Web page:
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pip search uses the XML-RPC API, not the JSON API. The XML-RPC API is even less standardised than the JSON one, and I doubt there’s any intention to standardise it in the foreseeable future. It’s more likely that the important features, like mirroring and maybe search¹, will be migrated into the JSON API at some point, and then the XML-RPC API will be dumped.

I speak purely as a consumer of the XML-RPC API, so don’t take any of the above as anything but speculation…

¹ Although the XML-RPC search API gives notoriously bad results, so maybe there will be a complete redesign instead.


This week we’re deploying an internal tool which needs to monitor the ‘updates’ feed from, and I almost used the XML-RPC API because it’s much more efficient and less likely to miss updates, but the docs telling me not to do that scared me off :slight_smile:

As a result we’re polling the top-level RSS feed for ‘updates’ every 15 seconds, and that should work except in cases where are more than ~40 new packages uploaded in a 15 second period.

Every 15 seconds is 17,280 HTTP requests per day.

How many updates per day are there?

Could the BigQuery API be less expensive for you?

Unfortunately the problem we’re solving is the invalidation of some internal caches so that users can see the newly-released versions on, so delaying the cache invalidation defeats the purpose.

That seems like quite a few requests for again how many actual data updates a day?

I’m not sure what polling interval Pulp python support has for a default?

The problem is that the RSS feed only returns a set number of changes, and if more than that come in between polls, you’ve lost them. Whether losing some updates is an issue depends on the application - it sounds like it is for @kpfleming and it certainly was for my application that uses the XML-RPC changelog API.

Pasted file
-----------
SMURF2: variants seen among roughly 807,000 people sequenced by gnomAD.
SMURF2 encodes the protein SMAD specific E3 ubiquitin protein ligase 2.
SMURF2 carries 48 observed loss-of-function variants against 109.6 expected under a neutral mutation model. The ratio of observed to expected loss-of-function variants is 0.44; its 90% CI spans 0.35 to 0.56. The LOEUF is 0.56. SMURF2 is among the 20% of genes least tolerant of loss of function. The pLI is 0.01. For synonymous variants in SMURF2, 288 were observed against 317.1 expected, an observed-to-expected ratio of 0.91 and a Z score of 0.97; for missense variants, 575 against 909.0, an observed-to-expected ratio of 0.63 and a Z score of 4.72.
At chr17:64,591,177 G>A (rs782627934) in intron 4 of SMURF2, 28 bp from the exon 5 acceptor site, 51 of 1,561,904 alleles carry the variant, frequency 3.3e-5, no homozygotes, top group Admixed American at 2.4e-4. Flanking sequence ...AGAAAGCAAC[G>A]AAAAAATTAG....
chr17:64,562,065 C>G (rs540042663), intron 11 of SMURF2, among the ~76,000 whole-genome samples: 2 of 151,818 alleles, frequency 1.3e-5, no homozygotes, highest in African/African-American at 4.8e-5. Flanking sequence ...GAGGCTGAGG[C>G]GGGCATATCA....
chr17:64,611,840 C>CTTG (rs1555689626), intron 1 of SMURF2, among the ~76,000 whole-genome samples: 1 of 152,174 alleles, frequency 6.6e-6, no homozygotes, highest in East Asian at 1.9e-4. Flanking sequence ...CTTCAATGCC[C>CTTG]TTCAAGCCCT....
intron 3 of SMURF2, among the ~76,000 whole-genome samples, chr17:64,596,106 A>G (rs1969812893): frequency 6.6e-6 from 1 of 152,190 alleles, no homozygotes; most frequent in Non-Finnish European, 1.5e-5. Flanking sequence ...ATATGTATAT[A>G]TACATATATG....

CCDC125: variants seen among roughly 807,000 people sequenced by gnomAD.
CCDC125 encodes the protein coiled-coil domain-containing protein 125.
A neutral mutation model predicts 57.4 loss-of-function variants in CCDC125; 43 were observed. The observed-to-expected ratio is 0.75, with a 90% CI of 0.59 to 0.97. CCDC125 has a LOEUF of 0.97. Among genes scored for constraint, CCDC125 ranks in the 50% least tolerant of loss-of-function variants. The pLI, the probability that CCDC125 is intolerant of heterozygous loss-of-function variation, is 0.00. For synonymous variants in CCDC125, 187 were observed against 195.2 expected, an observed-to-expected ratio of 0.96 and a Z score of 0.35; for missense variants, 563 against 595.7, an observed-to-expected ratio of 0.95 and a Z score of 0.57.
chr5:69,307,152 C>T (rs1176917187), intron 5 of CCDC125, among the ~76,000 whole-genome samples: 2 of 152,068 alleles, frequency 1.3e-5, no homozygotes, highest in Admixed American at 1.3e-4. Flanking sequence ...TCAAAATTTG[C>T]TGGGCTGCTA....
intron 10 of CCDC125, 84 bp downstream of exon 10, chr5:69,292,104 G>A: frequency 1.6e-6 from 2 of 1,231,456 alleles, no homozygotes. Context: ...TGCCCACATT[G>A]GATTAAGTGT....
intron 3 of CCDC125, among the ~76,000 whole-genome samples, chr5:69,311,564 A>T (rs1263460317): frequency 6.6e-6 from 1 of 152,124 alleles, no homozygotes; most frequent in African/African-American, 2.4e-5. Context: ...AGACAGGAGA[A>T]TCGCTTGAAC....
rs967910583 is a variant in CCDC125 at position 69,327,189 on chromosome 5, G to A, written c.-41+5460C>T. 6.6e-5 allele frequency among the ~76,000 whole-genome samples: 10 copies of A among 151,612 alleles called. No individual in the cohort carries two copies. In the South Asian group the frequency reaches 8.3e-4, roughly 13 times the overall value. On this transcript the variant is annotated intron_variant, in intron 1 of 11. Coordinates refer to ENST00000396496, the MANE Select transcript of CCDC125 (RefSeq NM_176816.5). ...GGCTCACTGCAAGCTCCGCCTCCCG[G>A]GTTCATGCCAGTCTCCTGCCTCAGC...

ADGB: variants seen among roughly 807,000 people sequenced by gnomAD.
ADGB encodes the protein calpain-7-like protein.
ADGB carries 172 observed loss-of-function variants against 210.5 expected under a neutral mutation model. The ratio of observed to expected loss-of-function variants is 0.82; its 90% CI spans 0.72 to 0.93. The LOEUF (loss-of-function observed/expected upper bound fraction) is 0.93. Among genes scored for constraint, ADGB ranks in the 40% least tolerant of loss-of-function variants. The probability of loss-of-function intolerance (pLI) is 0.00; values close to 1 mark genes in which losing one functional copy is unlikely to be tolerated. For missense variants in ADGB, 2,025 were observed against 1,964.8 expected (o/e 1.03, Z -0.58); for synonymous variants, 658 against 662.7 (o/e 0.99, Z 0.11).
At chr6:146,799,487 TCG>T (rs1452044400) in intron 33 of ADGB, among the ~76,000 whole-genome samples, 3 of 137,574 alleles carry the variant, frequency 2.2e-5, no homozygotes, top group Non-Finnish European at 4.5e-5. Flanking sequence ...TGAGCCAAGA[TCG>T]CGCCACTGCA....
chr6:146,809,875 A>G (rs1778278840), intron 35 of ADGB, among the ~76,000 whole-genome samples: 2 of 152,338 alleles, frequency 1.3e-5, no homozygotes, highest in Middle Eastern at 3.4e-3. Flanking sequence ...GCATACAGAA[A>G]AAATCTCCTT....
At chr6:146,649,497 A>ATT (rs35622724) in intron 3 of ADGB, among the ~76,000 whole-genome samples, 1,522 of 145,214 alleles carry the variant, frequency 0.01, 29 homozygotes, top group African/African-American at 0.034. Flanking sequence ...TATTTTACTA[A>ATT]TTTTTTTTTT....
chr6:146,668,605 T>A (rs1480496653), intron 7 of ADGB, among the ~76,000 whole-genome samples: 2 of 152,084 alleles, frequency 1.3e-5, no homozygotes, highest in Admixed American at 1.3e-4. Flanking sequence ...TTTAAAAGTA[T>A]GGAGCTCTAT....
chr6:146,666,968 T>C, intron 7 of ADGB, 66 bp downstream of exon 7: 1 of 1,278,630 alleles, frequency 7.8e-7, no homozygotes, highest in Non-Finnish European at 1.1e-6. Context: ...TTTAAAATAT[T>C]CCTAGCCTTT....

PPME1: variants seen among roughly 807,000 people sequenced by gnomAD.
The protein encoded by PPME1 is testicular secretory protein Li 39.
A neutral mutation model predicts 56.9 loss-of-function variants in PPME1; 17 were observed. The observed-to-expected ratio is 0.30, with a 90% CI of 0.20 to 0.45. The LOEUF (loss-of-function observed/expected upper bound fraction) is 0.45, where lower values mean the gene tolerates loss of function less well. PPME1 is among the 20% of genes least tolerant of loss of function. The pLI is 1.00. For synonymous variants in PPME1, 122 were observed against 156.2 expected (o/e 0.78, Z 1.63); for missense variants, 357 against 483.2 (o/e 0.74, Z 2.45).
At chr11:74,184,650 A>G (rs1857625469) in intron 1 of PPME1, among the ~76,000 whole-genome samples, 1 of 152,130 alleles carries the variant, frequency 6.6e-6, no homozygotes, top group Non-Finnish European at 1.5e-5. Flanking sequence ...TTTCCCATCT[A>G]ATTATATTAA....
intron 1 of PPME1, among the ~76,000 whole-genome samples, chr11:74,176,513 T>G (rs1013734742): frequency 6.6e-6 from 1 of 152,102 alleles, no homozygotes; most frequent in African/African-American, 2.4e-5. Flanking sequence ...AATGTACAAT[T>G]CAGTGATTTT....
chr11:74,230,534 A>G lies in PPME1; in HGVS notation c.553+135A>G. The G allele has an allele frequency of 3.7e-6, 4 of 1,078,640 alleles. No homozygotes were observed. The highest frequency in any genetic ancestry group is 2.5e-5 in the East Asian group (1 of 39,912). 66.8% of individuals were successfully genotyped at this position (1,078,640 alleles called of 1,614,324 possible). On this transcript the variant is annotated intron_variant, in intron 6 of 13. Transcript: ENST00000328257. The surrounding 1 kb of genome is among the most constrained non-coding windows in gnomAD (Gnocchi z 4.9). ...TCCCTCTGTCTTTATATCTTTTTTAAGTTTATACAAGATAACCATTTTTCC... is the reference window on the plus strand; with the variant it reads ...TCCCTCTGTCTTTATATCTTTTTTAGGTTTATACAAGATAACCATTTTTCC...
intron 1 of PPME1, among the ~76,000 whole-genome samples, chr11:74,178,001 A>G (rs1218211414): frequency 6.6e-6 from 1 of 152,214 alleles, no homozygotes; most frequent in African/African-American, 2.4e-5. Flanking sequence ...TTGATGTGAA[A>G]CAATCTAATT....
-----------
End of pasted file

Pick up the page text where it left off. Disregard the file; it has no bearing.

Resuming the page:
I personally couldn’t host something that continually polled, so RSS wasn’t an option for me.

PyPI could make a decision to stop supporting use cases that want to know about every change (although that’s pretty key to mirroring, so I’d be surprised if they do). But assuming they don’t, then the only API that covers that requirement is the XML-RPC changelog API, at the moment.

It’s not critical for us, if we miss an update here and there we’ll live with it (there are only a few packages for which we really want to get every update, and for those I’ll modify our tool to watch the feeds specific to those packages). If Warehouse had some ability to push all update notifications to some sort of message queuing platform, to which anyone could then subscribe (at their cost, if necessary), that might be a useful way to attack this part of the problem space, but it’s off-topic here I think.

Yeah, you’d need to name some message queues; maybe with*/ URIs.

Would a per-release message need to be sent if there are no subscribers to that particular project’s channel/queue? (Push)
And then how do we retrieve the messages that were missed due to e.g channel error? (Pull)

Does it make sense to have a more general notification service that
supports e.g. Web Notifications, App Notifications, and email? Getting the
page or app to update without waiting for a full page refresh is basically
the same problem?

Apprise allows you to send a notification to almost all of the most popular notification services available to us today such as: Telegram, Discord, Slack, Amazon SNS, Gotify, etc.

Looks like apprise also supports SMTPS, D-Bus, etc.

These are the RSS feed views:

Is there an ETag HTTP header on the views?

It should be easy enough to generate JSON with a window spec within the document range: [seq_start_id, seq_end_id] (and an ETag HTTP header)?